Eurostat: UK rental markets among the most expensive in Europe
Firstly, a note on the report’s methodology. Eurostat try to compare like with like. They do this by selecting rental properties of a broadly similar standard, in neighbourhoods that are broadly similar in terms of their amenity levels. The kind of neighbourhood they are interested in could be described as “well-to-do but not absurdly posh”. for example, their London index includes Islington and South Kensington, but not Mayfair or Chelsea. It is not meant to be representative of the city as a whole: it is, by design, a biased index. But it still suitable for comparing rent levels across cities, because it displays the same bias everywhere, so the biases should cancel each other out.
In other words, it’s not especially suitable if we are interested in absolute rent levels, but very much so if we are interested in relative ones.
It shows, once again, that London is the most expensive city in Europe: London is more than twice as expensive as, for example, Munich, Helsinki, Madrid, Lisbon, Berlin, The Hague, Prague, Vienna, or Rome.
“So what?”, I hear you say. “London isn’t Britain. Why does everyone think they have to live in London? Just move out, if you can’t afford it! There. Problem solved.”
I have never found this argument terribly persuasive. London is, for better or worse, the most prosperous and productive part of the country, so it is not some fanciful indulgence if people want to move there: it is a perfectly reasonable response to the country’s economic geography.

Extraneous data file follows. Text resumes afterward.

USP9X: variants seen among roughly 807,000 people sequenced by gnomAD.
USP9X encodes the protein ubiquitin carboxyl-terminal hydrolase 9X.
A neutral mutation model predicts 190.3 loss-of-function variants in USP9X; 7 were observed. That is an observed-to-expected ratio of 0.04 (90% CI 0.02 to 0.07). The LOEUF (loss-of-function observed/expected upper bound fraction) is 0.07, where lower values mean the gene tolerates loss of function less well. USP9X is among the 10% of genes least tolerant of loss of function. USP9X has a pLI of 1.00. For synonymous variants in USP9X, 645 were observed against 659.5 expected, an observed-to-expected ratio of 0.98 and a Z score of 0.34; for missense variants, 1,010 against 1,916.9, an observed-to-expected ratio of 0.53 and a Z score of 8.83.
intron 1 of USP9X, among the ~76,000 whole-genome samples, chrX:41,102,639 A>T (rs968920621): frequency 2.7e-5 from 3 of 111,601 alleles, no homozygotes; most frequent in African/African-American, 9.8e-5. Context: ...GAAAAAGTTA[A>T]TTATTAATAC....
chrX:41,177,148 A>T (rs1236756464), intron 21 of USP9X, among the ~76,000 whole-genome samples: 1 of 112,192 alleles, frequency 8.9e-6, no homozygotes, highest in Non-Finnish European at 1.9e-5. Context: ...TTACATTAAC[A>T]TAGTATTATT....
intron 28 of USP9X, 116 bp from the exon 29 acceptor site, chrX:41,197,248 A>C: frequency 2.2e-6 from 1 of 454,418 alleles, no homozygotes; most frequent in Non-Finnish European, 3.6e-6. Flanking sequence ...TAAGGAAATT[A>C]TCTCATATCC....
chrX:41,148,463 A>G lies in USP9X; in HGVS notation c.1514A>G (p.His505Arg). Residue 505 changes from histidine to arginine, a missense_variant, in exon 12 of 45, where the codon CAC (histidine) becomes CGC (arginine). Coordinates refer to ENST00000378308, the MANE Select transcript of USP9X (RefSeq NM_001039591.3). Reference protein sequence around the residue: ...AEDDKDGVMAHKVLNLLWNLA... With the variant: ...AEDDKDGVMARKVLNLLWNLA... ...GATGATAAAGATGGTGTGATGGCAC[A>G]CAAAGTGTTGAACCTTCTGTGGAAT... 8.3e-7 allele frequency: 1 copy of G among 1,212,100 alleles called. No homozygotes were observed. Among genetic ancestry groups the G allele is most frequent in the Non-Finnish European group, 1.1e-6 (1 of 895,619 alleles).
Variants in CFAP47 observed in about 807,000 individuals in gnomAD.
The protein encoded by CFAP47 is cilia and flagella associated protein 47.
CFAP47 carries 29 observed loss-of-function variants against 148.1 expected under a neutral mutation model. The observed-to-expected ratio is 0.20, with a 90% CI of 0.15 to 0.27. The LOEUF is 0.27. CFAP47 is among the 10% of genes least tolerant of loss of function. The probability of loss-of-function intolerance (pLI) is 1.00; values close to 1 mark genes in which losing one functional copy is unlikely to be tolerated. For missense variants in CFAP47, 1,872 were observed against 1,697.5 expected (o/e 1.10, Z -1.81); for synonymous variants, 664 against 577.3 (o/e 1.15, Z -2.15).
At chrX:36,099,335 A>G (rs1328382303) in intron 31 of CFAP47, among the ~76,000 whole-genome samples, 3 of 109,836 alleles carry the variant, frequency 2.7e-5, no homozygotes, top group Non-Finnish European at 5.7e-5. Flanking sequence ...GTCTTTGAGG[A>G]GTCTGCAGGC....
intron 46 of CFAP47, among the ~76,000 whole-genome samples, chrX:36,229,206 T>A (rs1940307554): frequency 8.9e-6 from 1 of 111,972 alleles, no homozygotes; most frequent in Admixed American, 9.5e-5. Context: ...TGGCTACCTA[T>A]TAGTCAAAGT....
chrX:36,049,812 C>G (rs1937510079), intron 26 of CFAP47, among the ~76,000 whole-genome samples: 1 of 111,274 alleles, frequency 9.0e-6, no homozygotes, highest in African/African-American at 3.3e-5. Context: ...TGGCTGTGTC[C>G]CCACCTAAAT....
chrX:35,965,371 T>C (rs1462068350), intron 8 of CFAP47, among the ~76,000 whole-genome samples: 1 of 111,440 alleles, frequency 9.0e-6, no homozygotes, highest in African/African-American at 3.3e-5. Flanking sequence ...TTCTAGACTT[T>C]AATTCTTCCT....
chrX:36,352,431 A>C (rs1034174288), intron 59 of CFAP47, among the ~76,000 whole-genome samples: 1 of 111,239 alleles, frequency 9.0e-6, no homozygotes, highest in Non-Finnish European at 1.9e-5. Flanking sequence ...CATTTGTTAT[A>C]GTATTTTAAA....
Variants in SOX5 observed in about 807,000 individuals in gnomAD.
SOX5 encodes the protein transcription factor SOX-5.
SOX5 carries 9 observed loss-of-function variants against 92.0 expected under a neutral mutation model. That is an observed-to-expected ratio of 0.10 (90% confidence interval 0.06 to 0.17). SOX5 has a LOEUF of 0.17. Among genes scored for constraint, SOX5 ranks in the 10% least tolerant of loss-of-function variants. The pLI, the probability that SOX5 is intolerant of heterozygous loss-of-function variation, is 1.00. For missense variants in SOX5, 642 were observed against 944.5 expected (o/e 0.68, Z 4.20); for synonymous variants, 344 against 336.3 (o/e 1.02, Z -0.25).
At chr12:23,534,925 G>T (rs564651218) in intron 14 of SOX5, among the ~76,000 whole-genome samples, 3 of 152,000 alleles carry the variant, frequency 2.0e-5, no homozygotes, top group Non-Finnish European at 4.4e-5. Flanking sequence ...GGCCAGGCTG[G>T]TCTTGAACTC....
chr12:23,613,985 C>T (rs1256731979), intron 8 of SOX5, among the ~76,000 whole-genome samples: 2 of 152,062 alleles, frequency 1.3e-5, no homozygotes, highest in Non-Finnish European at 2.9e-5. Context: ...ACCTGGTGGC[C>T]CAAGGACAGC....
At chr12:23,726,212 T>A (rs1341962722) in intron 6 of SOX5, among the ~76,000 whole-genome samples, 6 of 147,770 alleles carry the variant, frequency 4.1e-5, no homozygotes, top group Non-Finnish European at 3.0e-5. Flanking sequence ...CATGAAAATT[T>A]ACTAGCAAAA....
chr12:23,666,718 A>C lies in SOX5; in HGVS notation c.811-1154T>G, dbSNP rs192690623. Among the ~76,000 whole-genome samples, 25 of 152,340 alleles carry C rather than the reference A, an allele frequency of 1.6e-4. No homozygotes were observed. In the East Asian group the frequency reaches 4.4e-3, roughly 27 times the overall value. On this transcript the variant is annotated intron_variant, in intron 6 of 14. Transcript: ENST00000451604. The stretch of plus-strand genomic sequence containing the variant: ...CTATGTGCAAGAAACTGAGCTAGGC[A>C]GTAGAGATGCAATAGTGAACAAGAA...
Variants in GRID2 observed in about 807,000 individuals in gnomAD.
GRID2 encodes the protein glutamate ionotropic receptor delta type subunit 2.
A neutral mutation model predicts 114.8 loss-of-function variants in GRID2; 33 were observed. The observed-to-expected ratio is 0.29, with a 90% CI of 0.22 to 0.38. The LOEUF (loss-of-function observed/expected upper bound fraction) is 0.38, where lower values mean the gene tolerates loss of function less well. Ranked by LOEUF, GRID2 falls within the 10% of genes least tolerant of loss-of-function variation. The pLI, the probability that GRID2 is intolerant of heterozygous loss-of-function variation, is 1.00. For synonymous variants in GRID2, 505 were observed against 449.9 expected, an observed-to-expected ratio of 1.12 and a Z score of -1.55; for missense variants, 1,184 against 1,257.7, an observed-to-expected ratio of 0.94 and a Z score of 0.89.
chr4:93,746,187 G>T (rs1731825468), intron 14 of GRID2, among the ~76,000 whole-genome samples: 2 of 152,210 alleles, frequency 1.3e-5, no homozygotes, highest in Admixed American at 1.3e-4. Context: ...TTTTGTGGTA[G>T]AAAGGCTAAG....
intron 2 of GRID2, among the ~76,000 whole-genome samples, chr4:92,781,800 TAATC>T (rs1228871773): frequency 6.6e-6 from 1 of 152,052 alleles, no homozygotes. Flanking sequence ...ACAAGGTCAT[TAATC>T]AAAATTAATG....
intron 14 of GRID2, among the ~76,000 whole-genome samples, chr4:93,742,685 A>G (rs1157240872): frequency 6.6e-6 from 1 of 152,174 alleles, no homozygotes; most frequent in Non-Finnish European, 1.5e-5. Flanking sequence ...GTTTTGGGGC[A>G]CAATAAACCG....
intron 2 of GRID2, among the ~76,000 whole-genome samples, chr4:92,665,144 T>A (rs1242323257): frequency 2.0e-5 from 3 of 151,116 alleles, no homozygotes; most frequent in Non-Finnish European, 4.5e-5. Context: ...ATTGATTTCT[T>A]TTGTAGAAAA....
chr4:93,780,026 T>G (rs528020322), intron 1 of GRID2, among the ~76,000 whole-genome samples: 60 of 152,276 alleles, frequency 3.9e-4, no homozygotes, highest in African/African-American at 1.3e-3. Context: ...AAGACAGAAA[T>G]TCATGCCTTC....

But let’s forget London. The report also contains data for Reading, which, while still, in the widest sense, part of the London orbit, is much closer to a “normal” British city (although the report is not meant to be about “normal” cities). And indeed, as we move from London to Reading, rent levels drop by almost half. However, Reading is still more expensive than Oslo, Bern, Munich, Helsinki, Madrid, Lisbon, Berlin, The Hague, Prague, Vienna, or Rome, and not a million miles behind Paris. UK properties, both in London and Reading, are also at the lower end of the list in terms of space, so if these rent levels were expressed in per-m2 terms, the UK would appear even more expensive still.
The UK, in other words, may well be the most expensive country in Europe in terms of rent levels.
It is possible that a more representative study, which looked at, say, a dozen cities across each country rather than just two, would come to a different conclusion. But even if that were the case (and it may not be), that would still not mean that there is no problem here. Even if the affordability problems in the UK’s rental markets were heavily concentrated in specific regions, rather than being nationwide problems, that would still be a huge constraint if the affected regions are also the most productive parts of the country. It would mean that people could only avoid those affordability problems by avoiding the country’s most productive regions, thereby depriving themselves, and the country as a whole, of economic opportunities.
Britain’s housing crisis is not just a problem for those who find themselves at the sharp end of it. It has also become a serious drag on the country’s overall prosperity. By allowing this problem to fester, we are needlessly making ourselves poorer.